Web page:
Many of us are used to just breaking away in the summer once we have put in a solid six months of hard of work. I wanted to break that habit. So putting fear aside, I left for an amazing adventure in Peru's Sacred Valley.
I thought about the contaminated drinking water, the multiple flights, the steep, scary climbs, fear that I would hold back my much more athletic travel companions, the potential debilitating altitude sickness, and the list goes on.
I was up for the sunrise and climbed the Inca ruins with my paints. Words cannot adequately capture how truly spectacular this site is, and how amazing that they could build these structures in this inaccessible place.
It's a scene right out of Lawrence of Arabia: enormous mountains of sand -- some as tall as 300 feet -- their surface sculpted into soft, geometric designs by the wind, and extending as far as the eye can see.
While attempting to recreate Hiram Bingham's 1911 trek and "discovery" of Machu Picchu, Adams also reflects on the Inca Civilization that built these ancient cities throughout Peru in the 13th -16th centuries and its final showdown with Spain in the mid 1500's.
Anyone making their way to Machu Picchu must first traverse The Sacred Valley of the Incas (Valle Sagrado de los Incas), and we were no exception. But this was no tedious trek, it was a fascinating adventure in its own right.
October's rife with talk of ghosts, goblins and ghouls, but not everybody's down with the undead. For those looking for the flip side to a haunted hotel experience -- more deities than demons -- here are five divinely-linked destinations for a more sacred sojourn.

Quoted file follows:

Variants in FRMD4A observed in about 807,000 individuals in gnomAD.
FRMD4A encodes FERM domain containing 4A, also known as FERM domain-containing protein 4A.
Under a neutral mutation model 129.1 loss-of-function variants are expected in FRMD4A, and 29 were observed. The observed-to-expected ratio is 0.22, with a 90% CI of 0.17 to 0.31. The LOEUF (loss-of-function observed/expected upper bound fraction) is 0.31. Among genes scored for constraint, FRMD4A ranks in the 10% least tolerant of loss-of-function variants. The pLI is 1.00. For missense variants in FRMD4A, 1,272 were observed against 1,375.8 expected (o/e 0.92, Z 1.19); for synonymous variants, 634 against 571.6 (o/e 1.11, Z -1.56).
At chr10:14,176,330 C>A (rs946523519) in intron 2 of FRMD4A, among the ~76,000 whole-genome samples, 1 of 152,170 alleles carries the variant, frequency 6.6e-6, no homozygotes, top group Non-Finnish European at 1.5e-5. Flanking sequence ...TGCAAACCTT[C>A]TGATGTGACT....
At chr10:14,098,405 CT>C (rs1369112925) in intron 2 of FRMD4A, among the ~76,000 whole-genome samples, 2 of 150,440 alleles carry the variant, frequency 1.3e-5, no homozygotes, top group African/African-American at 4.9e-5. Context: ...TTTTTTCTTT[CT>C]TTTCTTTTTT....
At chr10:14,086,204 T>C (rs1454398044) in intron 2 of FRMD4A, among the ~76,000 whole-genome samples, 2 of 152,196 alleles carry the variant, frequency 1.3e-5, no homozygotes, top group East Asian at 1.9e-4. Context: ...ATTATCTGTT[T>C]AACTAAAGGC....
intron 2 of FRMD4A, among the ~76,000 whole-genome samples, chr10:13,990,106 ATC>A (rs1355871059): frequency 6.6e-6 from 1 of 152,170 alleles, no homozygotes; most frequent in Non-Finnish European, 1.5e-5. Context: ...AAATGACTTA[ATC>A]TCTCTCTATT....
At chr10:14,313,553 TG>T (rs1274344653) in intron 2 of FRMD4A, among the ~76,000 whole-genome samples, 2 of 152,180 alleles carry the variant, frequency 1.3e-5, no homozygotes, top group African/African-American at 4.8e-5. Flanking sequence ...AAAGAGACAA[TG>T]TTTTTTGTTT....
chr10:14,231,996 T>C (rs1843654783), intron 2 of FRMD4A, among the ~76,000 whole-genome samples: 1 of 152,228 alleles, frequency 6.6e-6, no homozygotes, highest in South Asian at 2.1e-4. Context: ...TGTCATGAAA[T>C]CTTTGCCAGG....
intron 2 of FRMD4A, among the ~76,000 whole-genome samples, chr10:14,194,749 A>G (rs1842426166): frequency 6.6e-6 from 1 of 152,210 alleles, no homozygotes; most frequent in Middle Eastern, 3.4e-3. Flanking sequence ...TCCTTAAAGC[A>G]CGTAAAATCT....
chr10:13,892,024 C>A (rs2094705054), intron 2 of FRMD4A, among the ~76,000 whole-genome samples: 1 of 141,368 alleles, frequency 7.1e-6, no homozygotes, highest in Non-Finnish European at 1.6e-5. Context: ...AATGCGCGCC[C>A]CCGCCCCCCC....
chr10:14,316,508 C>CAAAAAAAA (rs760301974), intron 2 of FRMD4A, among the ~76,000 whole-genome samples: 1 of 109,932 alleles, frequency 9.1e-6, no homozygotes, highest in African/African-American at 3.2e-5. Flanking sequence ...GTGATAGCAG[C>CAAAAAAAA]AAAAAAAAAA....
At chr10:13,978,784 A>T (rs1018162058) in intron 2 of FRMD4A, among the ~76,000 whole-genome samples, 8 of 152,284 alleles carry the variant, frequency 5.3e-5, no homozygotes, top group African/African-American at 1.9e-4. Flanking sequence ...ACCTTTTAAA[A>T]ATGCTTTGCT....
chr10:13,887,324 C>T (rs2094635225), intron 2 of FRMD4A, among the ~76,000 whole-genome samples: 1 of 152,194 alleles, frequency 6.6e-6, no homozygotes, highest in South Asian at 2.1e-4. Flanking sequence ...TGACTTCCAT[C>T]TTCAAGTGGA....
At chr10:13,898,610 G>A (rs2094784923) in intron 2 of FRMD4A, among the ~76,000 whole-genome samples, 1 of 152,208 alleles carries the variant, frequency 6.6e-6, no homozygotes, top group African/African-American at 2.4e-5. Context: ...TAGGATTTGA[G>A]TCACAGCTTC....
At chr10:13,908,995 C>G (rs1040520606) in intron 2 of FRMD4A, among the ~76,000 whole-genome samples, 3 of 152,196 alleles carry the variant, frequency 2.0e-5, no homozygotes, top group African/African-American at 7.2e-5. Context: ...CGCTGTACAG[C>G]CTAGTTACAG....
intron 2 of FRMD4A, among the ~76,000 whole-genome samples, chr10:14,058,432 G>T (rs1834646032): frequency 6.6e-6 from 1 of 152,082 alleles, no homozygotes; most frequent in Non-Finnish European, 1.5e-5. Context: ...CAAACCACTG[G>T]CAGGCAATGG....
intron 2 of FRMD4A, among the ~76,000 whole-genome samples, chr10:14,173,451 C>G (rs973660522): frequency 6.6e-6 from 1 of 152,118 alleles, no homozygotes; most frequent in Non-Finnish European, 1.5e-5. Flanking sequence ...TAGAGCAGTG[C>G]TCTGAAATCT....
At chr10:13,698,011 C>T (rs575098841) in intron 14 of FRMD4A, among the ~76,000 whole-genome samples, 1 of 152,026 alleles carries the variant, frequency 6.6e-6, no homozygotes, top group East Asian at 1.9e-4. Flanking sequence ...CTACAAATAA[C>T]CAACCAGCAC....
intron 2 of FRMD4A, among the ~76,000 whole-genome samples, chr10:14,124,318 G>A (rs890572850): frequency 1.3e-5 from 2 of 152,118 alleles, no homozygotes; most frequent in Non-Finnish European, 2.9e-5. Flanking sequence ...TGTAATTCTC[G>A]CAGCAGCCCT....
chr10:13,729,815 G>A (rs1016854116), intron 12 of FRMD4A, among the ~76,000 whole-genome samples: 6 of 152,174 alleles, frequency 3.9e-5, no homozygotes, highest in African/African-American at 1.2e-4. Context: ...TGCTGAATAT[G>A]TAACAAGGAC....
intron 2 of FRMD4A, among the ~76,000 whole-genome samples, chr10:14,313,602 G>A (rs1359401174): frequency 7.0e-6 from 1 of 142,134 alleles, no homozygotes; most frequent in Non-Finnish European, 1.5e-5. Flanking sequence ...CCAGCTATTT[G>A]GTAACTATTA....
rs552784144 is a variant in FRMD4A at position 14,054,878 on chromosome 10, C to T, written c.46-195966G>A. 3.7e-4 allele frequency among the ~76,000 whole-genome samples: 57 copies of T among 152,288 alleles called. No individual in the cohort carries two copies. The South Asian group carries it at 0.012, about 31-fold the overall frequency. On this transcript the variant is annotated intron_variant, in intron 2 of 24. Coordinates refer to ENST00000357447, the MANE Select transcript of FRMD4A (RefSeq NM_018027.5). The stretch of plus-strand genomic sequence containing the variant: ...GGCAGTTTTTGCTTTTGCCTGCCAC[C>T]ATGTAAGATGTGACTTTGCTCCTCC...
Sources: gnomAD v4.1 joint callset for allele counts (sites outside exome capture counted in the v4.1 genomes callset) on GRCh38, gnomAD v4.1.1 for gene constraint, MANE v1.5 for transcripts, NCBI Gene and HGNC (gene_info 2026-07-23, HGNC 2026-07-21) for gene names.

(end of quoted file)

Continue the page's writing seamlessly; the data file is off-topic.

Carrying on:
Clouds settle over mountains and hide them from view, then lift for a few minutes to reveal peaks turned gold in the sun. Fingers of mist creep into valleys, then melt into sunshine. Is it the most beautiful place in the world? It's near the top of my list.
When you're on the side of a mountain in the middle of a range chock full of them, dusk turns to darkness in an instant. We were on hour six of our four hour hike, our large group of 25 people, all walking the same treacherous trail.
Peru is one of those places that make iconically beautiful countries like South Africa and Thailand feel a hint of jealousy. The country is riddled with archaeological sites that tell the story of ancient civilizations.
Even New York City can feel small when you're consumed with the minutiae of your day-to-day. That's why I'm always game for a once-in-a-lifetime activity -- for a minute, when I'm so far from the normalcy of my daily life, I feel like I can do anything.